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New Report: English Language Learners in Virginia's Schools Don't Have Sufficient Support

Virginia ranks among the worst states in the country for graduation rates of students who do not speak English as their native language, a group that is more likely to drop out than go to college. A new report identifies some potential solutions.

Many students in Virginia's public schools are not proficient in English, and these English language learners receive insufficient support and have troubling outcomes. That's the conclusion of a new report from the Commonwealth Institute.

Laura Goren is research director at the Commonwealth Institute, and she says Virginia is failing these students.

"Our new report finds that year after year, Virginia underfunds English learner students resulting in lower graduation rates, lower achievement on test scores and lower higher education enrollment," says Goren. "And this has been exacerbated by the pandemic unfortunately."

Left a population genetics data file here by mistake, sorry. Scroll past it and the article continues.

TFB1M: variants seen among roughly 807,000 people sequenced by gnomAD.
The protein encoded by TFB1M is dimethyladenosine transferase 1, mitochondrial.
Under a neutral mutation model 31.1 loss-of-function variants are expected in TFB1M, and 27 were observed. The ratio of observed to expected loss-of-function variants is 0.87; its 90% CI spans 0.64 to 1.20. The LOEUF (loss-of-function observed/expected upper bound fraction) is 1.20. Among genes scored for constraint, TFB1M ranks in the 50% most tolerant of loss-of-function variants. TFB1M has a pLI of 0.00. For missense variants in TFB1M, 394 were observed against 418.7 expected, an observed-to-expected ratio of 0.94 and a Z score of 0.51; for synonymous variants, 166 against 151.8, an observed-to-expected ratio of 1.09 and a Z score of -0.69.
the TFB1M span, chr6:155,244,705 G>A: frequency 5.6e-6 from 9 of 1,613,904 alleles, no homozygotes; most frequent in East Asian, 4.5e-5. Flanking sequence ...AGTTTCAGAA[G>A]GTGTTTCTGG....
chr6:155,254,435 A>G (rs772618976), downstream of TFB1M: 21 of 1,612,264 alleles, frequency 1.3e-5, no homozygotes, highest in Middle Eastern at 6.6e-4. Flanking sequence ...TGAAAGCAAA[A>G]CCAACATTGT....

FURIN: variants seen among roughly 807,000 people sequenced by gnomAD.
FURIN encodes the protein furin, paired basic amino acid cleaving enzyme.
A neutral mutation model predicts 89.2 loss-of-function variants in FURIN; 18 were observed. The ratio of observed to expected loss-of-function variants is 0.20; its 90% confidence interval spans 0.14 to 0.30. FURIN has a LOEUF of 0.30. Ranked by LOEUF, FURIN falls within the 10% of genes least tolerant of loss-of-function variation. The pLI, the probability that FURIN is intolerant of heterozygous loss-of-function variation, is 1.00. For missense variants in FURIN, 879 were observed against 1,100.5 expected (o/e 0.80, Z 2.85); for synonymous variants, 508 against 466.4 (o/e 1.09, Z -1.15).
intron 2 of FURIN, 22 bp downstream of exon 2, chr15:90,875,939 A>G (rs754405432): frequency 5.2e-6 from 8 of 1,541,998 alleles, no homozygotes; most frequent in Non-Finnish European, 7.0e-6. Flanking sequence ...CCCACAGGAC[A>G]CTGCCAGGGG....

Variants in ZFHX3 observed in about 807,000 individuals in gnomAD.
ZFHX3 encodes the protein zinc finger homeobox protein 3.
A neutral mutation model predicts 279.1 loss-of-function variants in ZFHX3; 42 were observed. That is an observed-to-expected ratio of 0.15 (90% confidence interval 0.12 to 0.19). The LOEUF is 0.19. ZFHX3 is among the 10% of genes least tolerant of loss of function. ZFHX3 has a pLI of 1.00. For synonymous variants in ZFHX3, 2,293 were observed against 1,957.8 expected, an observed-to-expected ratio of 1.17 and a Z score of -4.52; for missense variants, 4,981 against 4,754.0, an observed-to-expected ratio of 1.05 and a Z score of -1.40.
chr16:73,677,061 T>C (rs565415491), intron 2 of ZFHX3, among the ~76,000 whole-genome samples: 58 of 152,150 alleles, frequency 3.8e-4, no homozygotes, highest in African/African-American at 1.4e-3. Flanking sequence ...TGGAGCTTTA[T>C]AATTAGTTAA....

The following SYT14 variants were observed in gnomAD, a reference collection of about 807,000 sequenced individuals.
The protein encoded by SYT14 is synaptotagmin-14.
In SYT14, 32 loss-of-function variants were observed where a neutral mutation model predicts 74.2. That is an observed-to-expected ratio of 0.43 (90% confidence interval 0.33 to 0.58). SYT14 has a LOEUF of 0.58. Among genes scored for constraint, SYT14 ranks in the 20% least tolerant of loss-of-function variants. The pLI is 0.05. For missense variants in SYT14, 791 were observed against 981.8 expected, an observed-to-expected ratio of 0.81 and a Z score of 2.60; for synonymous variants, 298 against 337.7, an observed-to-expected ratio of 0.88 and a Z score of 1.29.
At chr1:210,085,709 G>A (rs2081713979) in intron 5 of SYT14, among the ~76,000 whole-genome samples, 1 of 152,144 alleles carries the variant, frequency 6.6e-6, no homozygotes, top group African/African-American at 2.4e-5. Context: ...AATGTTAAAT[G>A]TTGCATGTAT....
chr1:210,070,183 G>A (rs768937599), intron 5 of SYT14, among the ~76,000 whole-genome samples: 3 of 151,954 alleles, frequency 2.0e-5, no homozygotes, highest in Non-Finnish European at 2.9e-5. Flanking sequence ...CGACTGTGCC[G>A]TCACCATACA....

One potential fix outlined in the report: automatically enroll students with high test scores in advanced courses, giving them an opportunity to opt out instead of opting in. Julie Sugarman at the Migration Policy Institute says that’s a policy fix that's been getting a lot of buzz all over the country.

"It's fairly low-hanging fruit from a policy standpoint because it doesn't require additional money really," Sugarman explains. "It might require some additional training but it's a change of mindset."

The report also outlines a few proposals that would require some investment, including increased training for teachers, dual language programs for students and community schools programs for neighborhoods to receive social services at their local schools.

This report, provided by Virginia Public Radio, was made possible with support from the Virginia Education Association.

Michael Pope is an author and journalist who lives in Old Town Alexandria.